The International Symposium of Public Policies for Digital Collections has ended just over two months ago – but the discussions gathered in the three-day meeting at Novotel Jaraguá in Sao Paulo, Brazil, are still inspiring us. We’ve been trying to reverberate and multiply the debates on this blog since mid-May publishing 19 video interviews with speakers and other important participants of the event. Today we concluded the work, as the last interview has been published.

The main issues and challenges related to digitizing collections are discussed in the videos produced by FLi Multimedia: copyright barriers, orphan works’ impasse, universal standards and formats, the needs for open access, the controversial Google Books project, democracy, new behavioral habits, among many others.

You can get the content, with English subtitles, in three ways:

1 – the Miro Community platform

2 – the Vimeo album [english subtitles!]

3 – the blog posts, with a context text [in Brazilian Portuguese] of each interview

Links to all interviews:

– José Murilo Jr, from the Ministry of Culture (Brazil)
“The logic of access should guide the process of digitization”

– Ivo Correa, from Google Brazil
“Scanning and ‘Google business model'”

– João Brant, from Intervozes (Brazil)
“Collections are nurseries, not monuments”

– Mathias Schindler, from Wikimedia Foundation (Germany)
“‘Commercial use’ is included in the definition of ‘free use'”

– Jean-Claude Guedon, from University of Montreal (Canada)
“The network is a revolution beyond capitalism”

– José de Oliveira Ascensão, president of the Portuguese Association of Intellectual Property Law (Portugal)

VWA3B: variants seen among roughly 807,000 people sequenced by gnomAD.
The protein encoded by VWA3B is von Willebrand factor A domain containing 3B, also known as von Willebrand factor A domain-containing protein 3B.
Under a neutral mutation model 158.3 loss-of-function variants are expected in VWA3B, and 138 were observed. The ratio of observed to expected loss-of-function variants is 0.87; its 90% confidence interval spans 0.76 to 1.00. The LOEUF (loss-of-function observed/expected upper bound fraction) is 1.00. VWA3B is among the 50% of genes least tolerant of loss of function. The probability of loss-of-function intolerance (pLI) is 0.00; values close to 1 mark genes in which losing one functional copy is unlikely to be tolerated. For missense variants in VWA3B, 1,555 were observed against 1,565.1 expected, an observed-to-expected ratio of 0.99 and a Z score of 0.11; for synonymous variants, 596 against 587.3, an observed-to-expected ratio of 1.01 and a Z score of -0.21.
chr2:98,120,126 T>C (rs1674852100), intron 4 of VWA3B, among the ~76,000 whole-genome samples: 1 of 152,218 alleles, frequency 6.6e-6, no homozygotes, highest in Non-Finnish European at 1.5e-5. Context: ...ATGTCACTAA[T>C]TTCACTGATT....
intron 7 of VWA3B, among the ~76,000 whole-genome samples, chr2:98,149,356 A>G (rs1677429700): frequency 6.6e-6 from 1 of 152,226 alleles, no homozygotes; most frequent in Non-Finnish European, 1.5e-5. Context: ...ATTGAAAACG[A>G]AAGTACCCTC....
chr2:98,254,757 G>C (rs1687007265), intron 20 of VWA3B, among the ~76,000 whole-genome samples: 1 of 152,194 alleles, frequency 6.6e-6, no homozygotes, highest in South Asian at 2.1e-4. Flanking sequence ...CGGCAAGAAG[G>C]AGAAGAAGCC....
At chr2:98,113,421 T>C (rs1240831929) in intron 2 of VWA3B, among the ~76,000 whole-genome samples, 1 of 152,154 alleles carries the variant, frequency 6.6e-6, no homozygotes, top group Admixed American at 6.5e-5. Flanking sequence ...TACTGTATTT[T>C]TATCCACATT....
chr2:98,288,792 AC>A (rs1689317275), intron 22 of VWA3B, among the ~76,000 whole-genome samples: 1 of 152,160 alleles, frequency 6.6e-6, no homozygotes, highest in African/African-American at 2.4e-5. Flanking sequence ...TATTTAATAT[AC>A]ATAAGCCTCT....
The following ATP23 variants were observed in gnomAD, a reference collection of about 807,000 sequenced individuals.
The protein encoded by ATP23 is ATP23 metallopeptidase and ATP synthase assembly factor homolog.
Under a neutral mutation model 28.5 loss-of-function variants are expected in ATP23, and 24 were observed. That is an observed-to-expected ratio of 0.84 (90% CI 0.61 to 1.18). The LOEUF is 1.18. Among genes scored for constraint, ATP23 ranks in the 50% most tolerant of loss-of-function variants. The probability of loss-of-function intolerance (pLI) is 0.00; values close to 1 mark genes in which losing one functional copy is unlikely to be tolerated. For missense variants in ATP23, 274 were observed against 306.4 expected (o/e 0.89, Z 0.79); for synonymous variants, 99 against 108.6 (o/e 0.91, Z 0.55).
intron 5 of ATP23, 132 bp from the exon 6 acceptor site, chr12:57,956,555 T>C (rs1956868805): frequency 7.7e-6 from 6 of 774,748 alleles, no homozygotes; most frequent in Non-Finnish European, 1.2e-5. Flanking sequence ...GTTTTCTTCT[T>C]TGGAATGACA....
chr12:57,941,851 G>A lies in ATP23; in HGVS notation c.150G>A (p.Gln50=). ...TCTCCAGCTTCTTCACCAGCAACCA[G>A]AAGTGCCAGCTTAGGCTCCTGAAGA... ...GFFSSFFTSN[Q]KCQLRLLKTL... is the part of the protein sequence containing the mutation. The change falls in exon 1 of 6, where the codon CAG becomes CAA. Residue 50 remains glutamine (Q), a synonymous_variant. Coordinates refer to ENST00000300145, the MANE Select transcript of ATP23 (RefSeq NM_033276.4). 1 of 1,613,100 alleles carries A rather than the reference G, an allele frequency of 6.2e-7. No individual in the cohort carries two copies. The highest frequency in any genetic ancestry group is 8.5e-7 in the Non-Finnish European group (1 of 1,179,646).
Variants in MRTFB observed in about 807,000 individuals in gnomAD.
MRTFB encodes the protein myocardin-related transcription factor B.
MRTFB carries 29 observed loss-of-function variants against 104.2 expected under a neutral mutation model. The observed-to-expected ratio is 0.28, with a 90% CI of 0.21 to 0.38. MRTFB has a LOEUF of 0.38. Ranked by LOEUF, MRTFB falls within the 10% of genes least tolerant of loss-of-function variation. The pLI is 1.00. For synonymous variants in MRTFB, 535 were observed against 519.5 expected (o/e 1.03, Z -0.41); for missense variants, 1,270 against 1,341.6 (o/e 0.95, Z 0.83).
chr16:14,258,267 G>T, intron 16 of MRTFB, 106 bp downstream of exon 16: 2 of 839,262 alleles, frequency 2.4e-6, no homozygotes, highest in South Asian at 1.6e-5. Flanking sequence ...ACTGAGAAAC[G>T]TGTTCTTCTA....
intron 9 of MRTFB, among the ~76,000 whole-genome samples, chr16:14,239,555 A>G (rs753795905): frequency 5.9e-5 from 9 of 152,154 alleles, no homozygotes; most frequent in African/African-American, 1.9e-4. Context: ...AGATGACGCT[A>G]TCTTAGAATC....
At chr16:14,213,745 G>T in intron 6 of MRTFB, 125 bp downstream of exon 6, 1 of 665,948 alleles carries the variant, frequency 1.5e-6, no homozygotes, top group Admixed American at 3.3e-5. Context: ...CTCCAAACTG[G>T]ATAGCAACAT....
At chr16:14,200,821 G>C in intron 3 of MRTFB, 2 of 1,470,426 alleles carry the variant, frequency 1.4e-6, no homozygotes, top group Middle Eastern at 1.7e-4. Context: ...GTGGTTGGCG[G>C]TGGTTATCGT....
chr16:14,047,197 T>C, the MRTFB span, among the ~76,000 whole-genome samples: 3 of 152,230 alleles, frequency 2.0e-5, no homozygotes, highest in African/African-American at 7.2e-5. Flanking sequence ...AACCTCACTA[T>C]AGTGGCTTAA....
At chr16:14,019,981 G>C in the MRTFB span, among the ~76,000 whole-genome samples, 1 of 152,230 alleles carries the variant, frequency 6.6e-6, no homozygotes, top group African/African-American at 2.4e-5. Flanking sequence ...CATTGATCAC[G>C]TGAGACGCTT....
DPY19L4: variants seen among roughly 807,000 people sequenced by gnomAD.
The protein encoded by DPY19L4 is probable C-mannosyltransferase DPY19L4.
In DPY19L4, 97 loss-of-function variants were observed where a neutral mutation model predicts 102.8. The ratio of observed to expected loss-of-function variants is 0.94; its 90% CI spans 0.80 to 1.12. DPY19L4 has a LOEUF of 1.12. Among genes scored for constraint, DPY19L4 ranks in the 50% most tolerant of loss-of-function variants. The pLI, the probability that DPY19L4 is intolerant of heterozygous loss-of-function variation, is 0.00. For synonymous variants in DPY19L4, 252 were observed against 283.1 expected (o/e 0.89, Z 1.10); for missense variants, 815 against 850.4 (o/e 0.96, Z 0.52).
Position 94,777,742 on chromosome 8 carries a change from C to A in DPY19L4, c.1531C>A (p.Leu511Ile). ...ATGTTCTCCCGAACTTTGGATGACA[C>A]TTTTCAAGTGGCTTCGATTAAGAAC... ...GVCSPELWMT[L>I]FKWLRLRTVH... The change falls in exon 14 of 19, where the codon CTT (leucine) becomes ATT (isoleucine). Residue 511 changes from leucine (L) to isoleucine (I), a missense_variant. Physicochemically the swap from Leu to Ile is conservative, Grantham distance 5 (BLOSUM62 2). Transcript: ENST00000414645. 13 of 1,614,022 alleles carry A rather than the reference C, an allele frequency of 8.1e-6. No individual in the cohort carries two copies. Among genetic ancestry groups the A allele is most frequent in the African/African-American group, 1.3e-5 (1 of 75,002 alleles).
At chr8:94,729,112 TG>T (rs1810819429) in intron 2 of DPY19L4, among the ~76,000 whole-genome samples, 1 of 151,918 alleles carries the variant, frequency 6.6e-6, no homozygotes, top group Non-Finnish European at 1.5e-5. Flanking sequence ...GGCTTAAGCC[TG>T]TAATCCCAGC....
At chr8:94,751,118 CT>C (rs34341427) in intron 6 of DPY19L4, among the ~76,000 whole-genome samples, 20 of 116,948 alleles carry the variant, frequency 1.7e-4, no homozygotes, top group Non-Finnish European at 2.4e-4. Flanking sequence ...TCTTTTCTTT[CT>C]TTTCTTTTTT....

“It is necessary for copyright suits the technological revolution”

– Marcos Wachowicz, from Gedai/UFSC (Brazil)
“The 21st century society is formed by timeless human beings”

– Paul Keller, from Images for the Future (Netherlands)
“Librarians are no longer keepers of books”

– Eliane Costa, from Petrobrás (Brazil)
“Choice is what a country makes about public policies”

– Anne Vroegop, from Netherlands Institute for Heritage/Dish (Netherlands)
“The interaction between user and content is different on the train and at home”

– Frans Hoving, from Netherlands Institute for Heritage (Netherlands)
“The justification for the existence of collections is in how they communicate with people”

– Pedro Puntoni, from Brasiliana-USP (Brazil)
“Public institutions must ensure public spaces on the Internet”

– Frédéric Martin, from Gallica (France)
“If we want people to attend libraries, we need to create new services”

– Andreas Lange, from Video Games Museu (Germany)
“Internet, social networks and mobile access have their origin in the old computer game”

– Alexandre Pesserl, from Gedai/UFSC (Brazil)
“Digitized books are not accessible to the public”

– Beatriz Busaniche, from Via Libre (Argentina)
“Culture of the 20th century is more threatened than that of previous centuries”

– Evelin Heidel, from Bibliofyl (Argentina)
“A library of links must respect copyright law?”

– Ana Claudia Souza, from Funarte (Brazil)
“Between the collection and the public is the editor”

– Murilo Marinho, from Mix Tecnologia (Brazil)
“An e-reader is a book or an electronic device?”

Now, as the work is completed, this site becomes a digital collection itself. Enjoy it.

The discussion continues [in Brazilian Portuguese] in the Work Groups blogs:

See the documents sent to the Ministry of Culture after the event:

Review also the live broadcast of the three-day symposium.

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